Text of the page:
Hachijō language


The small group of Hachijo or Hachijōjima dialects are the most divergent form of Japanese . They are spoken on the southern Izu Islands south of Tokyo , Hachijō Island and the smaller Aogashima , as well as on the Daitō Islands of Okinawa Prefecture , which were settled from Hachijo in the Meiji period . Based on the criterion of mutual intelligibility , Hachijo may be considered a distinct Japonic language. Hachijo dialects retain ancient Eastern Japanese features, as recorded in the 8th-century Man'yōshū . There are also lexical similarities with the dialects of Kyushu and even the Ryukyuan languages ; it is not clear if these indicate the southern Izu islands were settled from that region, if they are loans brought by sailors traveling among the southern islands, or if they might be independent retentions of Old Japanese . Dialects The dialect of Aogashima is quite distinct. There are also numerous dialects on Hachijo Island, with the speech of nearly every village distinct. There may be a few speakers le ...more...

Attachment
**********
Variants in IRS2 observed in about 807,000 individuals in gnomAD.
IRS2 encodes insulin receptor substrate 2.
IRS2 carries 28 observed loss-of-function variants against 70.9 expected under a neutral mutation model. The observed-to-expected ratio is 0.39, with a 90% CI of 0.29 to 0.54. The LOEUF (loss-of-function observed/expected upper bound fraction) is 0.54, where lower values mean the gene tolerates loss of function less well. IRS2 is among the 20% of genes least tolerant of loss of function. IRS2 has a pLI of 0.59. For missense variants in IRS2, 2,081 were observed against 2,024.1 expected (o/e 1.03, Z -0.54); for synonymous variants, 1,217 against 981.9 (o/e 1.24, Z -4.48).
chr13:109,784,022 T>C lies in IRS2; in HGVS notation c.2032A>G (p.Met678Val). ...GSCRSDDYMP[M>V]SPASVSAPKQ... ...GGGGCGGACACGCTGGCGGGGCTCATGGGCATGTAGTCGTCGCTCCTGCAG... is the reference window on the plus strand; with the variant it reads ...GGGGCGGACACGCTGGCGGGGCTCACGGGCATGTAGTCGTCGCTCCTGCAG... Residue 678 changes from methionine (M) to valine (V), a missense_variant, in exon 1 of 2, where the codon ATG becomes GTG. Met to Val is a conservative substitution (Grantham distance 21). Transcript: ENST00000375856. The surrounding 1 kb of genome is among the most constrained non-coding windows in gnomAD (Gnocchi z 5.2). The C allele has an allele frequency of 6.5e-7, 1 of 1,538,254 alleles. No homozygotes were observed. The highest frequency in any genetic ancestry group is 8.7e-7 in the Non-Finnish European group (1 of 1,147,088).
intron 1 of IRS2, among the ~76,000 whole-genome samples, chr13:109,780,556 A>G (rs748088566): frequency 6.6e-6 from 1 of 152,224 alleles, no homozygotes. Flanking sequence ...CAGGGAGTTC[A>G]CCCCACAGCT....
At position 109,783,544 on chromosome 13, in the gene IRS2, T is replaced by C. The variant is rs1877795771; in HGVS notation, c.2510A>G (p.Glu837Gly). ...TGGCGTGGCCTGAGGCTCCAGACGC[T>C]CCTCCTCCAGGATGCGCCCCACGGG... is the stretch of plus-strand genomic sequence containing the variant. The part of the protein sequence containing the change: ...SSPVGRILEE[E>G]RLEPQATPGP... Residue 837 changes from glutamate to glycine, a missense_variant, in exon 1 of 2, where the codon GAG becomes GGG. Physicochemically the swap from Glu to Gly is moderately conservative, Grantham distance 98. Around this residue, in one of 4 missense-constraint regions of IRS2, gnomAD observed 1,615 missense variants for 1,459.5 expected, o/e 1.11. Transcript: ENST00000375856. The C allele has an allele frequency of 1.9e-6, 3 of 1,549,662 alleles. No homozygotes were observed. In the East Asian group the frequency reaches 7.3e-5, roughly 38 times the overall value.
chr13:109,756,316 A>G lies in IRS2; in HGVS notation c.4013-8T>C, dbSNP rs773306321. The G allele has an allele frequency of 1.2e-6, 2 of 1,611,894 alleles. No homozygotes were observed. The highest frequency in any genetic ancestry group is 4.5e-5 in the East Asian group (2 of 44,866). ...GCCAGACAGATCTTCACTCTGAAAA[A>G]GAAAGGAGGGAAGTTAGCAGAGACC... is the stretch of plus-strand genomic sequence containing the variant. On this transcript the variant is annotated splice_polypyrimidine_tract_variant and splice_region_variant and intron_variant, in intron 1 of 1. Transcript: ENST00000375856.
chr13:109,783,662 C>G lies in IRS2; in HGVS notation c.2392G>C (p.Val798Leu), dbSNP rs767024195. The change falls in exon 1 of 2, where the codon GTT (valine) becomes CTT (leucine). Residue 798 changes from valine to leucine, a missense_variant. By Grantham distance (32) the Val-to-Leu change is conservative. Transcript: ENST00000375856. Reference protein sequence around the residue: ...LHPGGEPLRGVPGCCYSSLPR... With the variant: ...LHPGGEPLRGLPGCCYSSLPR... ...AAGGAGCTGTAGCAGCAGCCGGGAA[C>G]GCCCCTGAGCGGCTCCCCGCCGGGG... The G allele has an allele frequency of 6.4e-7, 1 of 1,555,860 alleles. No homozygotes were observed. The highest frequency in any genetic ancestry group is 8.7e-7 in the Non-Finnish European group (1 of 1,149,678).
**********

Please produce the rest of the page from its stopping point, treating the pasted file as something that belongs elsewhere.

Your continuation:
Yaeyama language